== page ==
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Summer 2004 / Vol. 4, No. 3


Common Sense School Reform
by Frederick M. Hess (Palgrave Macmillan).

Common sense suggests that educators, like everyone else, are more effective when given the flexibility to innovate and held accountable for their performance. Unfortunately, as our own executive editor Frederick Hess demonstrates, common sense is a tool rarely used in school reform. Much of what passes for “reform” protects a status quo in which success is seldom rewarded and failures go unpunished.

Hess uses examples from within education and beyond to suggest new approaches to issues as diverse as school choice, teacher compensation, and the use of technology. His recommendations represent a comprehensive reform agenda that policymakers would be ill-advised to ignore.



The War Against Excellence: The Rising Tide of Mediocrity in America’s Middle Schools
by Cheri Pierson Yecke (Praeger).

Yecke, Minnesota’s embattled education commissioner, targets two trends: the “middle-school movement” and public education’s growing hostility toward the needs of gifted youngsters.

Both trends began as well-meaning impulses. The middle-school movement sought to place adolescents in environments that would be sensitive to their developmental needs and, in contrast to traditional junior high schools, would focus on “teaching the child, not the subject.” The neglect of giftedness arose from the belief that any extra resources should be devoted to kids who are falling behind in school.

As with so many good intentions, however, these went badly awry. They turned into a profound anti-intellectualism that surely underlies both the decline in student achievement after 4th grade and our spotty record in nurturing tomorrow’s leaders.



Mayors in the Middle: Politics, Race, and Mayoral Control of Urban Schools
edited by Jeffrey Henig and Wilbur Rich (Princeton).

A provocative collection of case studies on the consequences of increased mayoral control over the schools, featuring studies of Baltimore, Chicago, Detroit, Cleveland, Boston, and Washington, D.C. The cases are somewhat uneven. Some, like the studies of D.C. and Boston, illuminate the politics and practice of mayoral control, but the volume as a whole doesn’t set out to make the case for or against mayoral control. On balance the book is a useful and measured contribution to a complicated question.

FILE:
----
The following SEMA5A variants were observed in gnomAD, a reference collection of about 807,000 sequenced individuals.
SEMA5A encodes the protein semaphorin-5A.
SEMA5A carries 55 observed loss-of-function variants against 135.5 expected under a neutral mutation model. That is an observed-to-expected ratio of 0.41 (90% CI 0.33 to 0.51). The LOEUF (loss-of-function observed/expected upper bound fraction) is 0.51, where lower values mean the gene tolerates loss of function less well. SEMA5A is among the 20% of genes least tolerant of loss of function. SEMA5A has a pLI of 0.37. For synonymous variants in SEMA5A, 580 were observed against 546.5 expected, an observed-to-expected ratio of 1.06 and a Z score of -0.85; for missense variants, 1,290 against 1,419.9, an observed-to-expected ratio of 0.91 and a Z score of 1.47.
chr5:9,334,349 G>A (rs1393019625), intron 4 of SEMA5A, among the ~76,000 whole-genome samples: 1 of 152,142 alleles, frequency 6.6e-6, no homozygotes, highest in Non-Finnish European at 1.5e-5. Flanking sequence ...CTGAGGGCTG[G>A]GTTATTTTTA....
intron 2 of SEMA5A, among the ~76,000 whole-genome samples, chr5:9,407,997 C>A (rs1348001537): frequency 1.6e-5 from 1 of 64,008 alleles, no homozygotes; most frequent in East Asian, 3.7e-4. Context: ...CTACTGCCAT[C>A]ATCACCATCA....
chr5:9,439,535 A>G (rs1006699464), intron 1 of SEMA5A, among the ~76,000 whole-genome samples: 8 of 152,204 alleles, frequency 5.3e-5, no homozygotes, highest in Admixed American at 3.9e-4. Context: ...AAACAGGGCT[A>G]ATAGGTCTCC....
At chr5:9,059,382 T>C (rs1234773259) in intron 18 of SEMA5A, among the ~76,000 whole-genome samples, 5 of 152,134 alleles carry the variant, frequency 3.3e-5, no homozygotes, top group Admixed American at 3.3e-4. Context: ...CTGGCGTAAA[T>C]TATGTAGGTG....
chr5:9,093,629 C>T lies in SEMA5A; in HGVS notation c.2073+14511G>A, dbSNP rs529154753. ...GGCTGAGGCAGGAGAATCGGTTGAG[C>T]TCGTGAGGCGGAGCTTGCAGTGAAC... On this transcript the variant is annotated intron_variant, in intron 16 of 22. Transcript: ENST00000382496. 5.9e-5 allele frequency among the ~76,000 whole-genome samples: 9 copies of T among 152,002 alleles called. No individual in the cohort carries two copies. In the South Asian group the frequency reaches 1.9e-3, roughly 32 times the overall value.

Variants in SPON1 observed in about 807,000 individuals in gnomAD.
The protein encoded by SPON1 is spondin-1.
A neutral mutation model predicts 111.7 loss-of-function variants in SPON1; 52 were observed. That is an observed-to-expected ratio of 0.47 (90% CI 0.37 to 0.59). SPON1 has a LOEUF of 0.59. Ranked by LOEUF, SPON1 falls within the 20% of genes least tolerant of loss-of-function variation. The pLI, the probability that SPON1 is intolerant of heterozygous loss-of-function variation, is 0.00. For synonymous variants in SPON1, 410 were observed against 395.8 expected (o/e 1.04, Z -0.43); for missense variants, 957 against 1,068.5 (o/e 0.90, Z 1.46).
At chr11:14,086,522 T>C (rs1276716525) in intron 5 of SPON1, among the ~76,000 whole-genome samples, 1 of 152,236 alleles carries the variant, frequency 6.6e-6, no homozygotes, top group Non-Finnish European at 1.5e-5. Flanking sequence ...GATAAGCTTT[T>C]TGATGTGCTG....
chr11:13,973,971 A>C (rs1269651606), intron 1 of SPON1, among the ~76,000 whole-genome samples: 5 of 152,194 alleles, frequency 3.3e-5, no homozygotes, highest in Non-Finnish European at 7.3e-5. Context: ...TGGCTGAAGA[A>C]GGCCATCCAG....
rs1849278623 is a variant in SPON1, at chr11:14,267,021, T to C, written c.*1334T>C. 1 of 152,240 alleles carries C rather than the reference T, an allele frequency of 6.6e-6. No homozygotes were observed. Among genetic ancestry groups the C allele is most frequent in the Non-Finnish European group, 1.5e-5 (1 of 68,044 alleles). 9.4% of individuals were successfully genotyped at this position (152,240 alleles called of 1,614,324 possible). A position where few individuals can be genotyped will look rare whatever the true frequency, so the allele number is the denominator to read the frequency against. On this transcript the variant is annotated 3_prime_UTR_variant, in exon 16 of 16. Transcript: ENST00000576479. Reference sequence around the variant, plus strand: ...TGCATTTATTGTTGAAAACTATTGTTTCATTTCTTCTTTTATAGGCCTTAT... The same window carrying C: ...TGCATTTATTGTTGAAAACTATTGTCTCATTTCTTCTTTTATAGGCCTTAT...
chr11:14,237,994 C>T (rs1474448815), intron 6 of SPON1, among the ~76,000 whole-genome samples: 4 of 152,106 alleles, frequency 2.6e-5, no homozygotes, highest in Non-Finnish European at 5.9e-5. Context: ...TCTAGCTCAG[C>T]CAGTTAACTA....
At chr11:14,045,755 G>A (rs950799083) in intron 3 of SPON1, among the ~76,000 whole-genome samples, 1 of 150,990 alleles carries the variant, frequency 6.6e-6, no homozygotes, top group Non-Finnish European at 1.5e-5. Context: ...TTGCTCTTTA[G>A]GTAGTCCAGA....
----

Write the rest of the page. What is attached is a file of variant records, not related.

The New Accountability: High Schools and High-Stakes Testing
edited by Martin Carnoy, Richard Elmore, and Leslie Santee Siskin (RoutledgeFalmer).

States are increasingly requiring students to pass an exam in order to graduate from high school. This volume includes a series of thoughtful chapters on the practice of this “new accountability.” The central argument is that “accountability systems work-when they work-by calling forth energy, motivation, commitment, knowledge, and skill” from educators. Accountability cannot compel schools to improve, the editors argue, but it can complement more traditional reforms. They call for greater attention to capacity-building, professional development, and curriculum. Sensible warnings, but delivered with the depressing and potentially misguided subtext that policy can do no more than provide tools in the hope that educators will utilize them.



Political Education: National Policy Comes of Age
by Christopher T. Cross (Teachers College).

Veteran Washington education operative Christopher Cross chronicles the making of federal education policy from the Truman administration to the present. Cross adeptly covers the creation of the federal Department of Education and provides perceptive and fair mini-portraits of the tenures of several secretaries of education. The book’s shortcomings are its que sera, sera view of the current state of federal education policy and its unimaginative musings on the future. But readers will come away with enhanced understanding of what got us where we are today.




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